During a global pandemic, 87 million Americans are uninsured or underinsured. Many are frontline workers who cannot practice social distancing
As the United States marks the terrible milestone of half a million souls lost to Covid-19, these deaths demand a grown-up conversation about the policies that shape our public life. When we look at the impact of this pandemic on other wealthy nations around the world, the disproportionate death toll we have sustained in the US exposes a basic failure of national security. Though we spend more than the next several nations combined on our military budget, our government was unable to protect its citizens against a deadly pathogen.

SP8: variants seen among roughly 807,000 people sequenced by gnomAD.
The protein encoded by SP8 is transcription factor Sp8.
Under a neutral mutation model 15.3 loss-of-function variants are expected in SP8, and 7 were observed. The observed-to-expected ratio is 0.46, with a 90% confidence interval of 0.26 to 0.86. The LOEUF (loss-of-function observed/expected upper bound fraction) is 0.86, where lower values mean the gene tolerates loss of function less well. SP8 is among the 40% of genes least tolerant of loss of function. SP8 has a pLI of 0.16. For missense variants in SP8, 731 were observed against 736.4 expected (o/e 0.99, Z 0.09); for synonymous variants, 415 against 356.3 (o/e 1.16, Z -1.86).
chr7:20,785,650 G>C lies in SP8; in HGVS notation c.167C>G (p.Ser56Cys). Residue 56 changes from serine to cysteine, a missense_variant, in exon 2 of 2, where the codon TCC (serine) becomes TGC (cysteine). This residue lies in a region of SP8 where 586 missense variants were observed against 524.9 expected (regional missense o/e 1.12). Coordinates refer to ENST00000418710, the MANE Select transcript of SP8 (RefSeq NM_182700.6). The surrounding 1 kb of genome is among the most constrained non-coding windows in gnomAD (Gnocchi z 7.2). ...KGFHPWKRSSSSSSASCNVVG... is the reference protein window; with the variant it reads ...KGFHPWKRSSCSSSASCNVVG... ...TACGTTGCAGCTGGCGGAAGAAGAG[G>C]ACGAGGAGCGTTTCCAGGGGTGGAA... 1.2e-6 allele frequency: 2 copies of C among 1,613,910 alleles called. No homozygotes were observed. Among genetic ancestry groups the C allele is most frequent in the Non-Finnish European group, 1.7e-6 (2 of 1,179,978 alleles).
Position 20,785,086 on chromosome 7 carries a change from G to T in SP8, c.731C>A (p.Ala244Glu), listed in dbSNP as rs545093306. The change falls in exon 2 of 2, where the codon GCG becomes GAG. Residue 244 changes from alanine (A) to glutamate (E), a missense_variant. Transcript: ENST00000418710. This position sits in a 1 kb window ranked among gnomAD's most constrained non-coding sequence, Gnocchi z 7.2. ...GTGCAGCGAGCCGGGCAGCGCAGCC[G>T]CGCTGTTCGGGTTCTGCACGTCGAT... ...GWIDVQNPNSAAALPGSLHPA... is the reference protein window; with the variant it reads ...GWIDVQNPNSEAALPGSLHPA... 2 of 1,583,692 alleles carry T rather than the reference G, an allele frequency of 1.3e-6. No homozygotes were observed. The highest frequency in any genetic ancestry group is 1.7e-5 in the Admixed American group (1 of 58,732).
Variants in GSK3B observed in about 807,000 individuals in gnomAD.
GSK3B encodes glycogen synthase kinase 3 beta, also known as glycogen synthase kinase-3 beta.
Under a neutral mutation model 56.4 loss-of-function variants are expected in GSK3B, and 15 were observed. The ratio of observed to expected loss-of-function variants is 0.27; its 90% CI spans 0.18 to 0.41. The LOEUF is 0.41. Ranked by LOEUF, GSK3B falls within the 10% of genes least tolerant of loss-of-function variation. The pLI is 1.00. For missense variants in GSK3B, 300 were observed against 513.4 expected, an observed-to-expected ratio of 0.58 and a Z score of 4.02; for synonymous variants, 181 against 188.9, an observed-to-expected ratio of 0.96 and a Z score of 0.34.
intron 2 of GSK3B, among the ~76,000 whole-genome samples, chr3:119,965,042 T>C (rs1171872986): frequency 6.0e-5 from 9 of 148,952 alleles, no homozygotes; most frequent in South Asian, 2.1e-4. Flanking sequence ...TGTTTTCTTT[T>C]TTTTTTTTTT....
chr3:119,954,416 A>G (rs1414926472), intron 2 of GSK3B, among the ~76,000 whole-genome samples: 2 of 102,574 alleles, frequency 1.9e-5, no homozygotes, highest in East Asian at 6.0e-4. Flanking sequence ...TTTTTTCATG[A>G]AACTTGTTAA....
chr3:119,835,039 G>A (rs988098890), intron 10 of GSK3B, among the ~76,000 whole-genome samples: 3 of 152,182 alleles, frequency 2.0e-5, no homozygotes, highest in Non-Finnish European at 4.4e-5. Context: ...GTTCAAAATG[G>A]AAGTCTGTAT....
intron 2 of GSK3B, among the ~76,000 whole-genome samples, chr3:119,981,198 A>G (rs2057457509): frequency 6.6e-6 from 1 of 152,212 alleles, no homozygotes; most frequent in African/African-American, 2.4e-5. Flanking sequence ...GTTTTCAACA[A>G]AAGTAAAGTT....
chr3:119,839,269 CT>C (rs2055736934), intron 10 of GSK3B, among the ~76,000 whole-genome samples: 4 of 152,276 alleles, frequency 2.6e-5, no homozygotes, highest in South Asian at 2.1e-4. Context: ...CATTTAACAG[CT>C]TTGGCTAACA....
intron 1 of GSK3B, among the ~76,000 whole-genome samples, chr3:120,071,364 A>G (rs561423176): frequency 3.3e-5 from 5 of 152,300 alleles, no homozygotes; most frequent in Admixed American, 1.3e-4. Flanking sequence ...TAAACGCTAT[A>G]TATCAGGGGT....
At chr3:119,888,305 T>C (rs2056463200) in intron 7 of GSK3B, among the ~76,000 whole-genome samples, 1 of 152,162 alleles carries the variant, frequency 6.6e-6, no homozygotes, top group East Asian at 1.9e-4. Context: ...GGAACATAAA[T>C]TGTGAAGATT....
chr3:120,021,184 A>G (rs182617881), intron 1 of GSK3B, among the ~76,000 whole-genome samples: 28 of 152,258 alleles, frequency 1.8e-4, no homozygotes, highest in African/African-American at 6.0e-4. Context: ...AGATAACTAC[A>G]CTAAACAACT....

The Centers for Disease Control and Prevention (CDC) reported this week that, during the first six months of the pandemic, life expectancy for the average American dropped by a full year. For African Americans, the impact was nearly three times as severe, exposing persistent systemic racism that was not corrected when corporations agreed to say “Black Lives Matter”. We have not simply suffered a disaster. This disaster has unveiled dysfunction in our society.